Get Off! (Italy #7)

The day following our rail strike adventure, we arrive at Florence’s Santa Maria Novella train station 30 minutes before our rescheduled departure. 

We are learning. Find the departures board, check arrival time and any projected delays and, most importantly, identify the platform for the Trenitalia train to Venice. Anxiety greatly diminished.

Somewhere after Bologna, the conductor comes to check tickets. The screen on my smartphone shows the Trenitalia app and ticket. Ta-dah! How hard can this be?

Judging by his voice, the passenger behind me is a young man in his twenties.

The woman beside him provides the English translation of the conductor’s concerns.

“You are on the wrong train. Your ticket is for a regional train.

The conductor says you can pay the fare difference or get off at the next stop.”


“Do you have the money?”


Then you will have to get off the train.”


“He is being kind to you by giving you that option.”

The station at Ferrara comes into view. An older man and a young couple with backpacks leave our car.

A few minutes later, the conductor reappears.

“You will have to get off now. You cannot be on this train any longer.” 

Come with me.”

The young man gets up and follows the conductor down the aisle to the exit stairway.

At Padua, the conductor and the young man head into the station, probably to visit the office of the local police.

And I wonder.

If I am the conductor on the train of my life, who gets to ride on this next leg of the journey? How many spirits of the past will continue to occupy space? How many should be invited to leave at the next stop? Who should be invited on board?

I recognize this game as part of the larger one I have engaged in during the past few months. What needs to be left behind as I move into the next chapter of life? The question now becomes more people-specific.

I review those who shaped my understanding of the characteristics of a good minister, good husband, good father, good son, and good Christian. I want to say that any that left me feeling “not good enough” without providing explicit content were struck off the list. I am now too weary - or wise - to toil under the taskmaster of unclear expectations. Such merely scourge my soul.

This may be true for some, but the deeper relationships do not disembark quickly and probably never will. My mother and some mentors were clear in their expectations. I did not meet them. Sometimes I failed; other times, I chose to be another person.

As the train pulls into Venice, I smile at myself. Easy to make a list and pretend to strike out names, but some stain sits like a tattoo on the spirit - not so easy to remove. Those passengers I have to learn to ride with.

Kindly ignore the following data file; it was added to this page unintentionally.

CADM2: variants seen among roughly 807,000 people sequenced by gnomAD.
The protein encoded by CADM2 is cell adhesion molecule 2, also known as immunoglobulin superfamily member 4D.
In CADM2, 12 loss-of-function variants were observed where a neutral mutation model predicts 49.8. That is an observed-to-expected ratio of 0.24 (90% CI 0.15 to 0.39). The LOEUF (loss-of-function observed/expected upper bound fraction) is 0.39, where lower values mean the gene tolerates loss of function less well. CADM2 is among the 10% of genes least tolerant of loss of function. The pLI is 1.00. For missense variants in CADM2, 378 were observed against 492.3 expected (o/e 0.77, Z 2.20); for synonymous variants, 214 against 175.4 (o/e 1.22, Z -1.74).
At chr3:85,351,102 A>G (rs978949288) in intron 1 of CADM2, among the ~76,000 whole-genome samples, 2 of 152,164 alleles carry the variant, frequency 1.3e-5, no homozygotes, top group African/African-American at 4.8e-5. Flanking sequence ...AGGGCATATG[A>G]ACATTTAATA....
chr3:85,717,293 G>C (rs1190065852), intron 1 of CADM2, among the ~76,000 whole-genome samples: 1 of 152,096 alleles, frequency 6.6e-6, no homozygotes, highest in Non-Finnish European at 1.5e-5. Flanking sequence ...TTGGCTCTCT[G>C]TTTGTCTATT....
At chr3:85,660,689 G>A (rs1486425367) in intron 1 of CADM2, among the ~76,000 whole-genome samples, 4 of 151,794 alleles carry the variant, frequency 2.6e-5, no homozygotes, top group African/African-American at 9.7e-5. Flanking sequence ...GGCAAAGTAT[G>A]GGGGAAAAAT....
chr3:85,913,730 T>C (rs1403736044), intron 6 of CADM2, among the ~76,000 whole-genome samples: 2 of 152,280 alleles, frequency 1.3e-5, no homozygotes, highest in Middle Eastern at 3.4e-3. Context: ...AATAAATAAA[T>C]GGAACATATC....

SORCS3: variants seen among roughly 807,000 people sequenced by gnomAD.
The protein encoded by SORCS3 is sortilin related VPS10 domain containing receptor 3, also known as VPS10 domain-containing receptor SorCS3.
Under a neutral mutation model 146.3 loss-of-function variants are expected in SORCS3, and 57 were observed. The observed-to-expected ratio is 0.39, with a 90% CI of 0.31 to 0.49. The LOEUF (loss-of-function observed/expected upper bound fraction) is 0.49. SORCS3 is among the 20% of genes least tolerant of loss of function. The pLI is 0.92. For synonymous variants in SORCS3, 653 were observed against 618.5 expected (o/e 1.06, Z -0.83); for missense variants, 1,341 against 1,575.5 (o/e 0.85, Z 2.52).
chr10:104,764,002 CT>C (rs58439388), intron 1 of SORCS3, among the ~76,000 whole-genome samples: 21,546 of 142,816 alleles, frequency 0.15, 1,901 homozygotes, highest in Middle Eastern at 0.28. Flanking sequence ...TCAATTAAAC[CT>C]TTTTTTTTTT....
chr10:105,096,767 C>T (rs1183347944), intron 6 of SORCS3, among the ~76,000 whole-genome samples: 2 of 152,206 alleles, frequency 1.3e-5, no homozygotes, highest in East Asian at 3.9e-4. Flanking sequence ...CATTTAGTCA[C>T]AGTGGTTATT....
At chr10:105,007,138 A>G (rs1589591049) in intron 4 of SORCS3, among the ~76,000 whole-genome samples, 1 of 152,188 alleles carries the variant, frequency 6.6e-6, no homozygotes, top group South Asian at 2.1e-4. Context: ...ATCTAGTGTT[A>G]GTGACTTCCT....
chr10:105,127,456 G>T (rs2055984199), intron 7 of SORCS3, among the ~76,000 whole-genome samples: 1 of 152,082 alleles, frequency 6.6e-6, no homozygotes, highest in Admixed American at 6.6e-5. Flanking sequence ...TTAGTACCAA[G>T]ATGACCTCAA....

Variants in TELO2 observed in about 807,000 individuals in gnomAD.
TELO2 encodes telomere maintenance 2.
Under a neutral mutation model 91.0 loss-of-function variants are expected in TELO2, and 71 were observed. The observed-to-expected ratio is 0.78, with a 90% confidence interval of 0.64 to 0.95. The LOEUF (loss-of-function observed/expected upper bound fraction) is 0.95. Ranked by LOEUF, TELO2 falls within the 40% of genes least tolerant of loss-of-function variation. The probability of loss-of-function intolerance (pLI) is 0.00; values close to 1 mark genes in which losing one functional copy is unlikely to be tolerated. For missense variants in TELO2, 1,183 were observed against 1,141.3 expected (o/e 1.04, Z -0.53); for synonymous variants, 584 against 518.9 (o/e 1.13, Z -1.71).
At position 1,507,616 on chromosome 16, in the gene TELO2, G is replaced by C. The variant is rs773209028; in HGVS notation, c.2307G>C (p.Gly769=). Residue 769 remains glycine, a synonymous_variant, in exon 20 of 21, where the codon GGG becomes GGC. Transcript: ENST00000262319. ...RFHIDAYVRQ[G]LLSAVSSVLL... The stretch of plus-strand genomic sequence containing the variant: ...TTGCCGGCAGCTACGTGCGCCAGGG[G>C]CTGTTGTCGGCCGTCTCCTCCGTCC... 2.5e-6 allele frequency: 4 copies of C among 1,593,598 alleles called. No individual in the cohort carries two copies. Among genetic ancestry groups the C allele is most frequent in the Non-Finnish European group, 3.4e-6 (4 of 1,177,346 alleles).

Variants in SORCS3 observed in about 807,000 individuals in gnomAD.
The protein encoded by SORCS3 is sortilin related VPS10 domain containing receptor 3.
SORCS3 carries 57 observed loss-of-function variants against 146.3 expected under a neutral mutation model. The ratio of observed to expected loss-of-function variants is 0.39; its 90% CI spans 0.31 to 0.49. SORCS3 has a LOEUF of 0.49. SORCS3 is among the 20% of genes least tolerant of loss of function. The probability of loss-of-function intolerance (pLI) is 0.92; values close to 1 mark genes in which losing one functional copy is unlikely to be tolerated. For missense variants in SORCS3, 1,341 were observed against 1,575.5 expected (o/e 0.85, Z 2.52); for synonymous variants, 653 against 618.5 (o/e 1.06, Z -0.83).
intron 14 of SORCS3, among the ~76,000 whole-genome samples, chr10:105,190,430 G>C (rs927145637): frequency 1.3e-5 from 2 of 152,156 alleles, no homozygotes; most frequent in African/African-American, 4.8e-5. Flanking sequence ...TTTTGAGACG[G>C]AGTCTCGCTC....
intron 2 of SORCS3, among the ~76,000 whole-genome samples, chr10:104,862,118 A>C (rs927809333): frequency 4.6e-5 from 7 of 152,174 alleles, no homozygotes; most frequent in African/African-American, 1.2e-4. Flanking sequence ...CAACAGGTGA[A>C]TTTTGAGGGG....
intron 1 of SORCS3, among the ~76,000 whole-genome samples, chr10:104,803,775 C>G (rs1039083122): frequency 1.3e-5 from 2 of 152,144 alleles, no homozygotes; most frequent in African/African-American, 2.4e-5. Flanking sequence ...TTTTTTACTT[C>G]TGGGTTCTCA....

Photo by paolo candelo on Unsplash

How many spirits of the past continue to occupy space in your journey? Do you know their names?


  1. Thanks again Keith. Amazing how our minds go off on different tangents!
    I was thinking the opposite to you, in that I wondered who I could have/should have invited to journey with me. Maybe the age difference { another 10 more than you} puts me in a different frame of reference? I wondered whether I would have stepped forward to speak to that person who had to leave the train?
    Were there others , in need or not, who would have added to my journey and memories. As my world begins to shrink I am reminded of so many who moulded my thinking, or validated who I was. I am ever grateful for that.

      1. So very true Keith. And your position and choice of Profession meant that you were on the “train” with so many others, where you were the Giver. They, like me, will treasure that.
        Remember that as part of your journeying.

  2. I have moved many times in my life, and each time I do, I wonder at who I will keep as a friend or contact, and who will fall away. It isn’t always the ones I expect, and certainly most people who have moved often understand the dilemma. Each year around Christmas I ponder who to keep on my contact list – when did I last see or talk to them, when did they last reach out to me? Did I know them in their job capacity, or was it more personal. At some point, even if I really like them, if it’s not reciprocal, it’s not going to continue. Letting go of people I like is a hard part of moving on, second only to trying to find new friends.

  3. Oh, Keith. I am taking time on Family Day to review bits of your blog I failed to read. This one is soooo powerful, as I keep bumping into present experiences that take me back to legacies of early life. Yesterday I viewed “The Banshees of Inisherin” and felt the power of my Irish American grandfather to be sooooo self absorbed he never expressed tenderness. Yes he was depressed and alcoholic. I now realize this absence of affection was present in his children, my mother, the eldest of 13, along with the moral invectives of Catholics at the time. It is a pain I feel this morning…the abuses of personal and spiritual power. Yes, one of the experiences of life review, inevitable with thoughtful/filled aging. Thank you.

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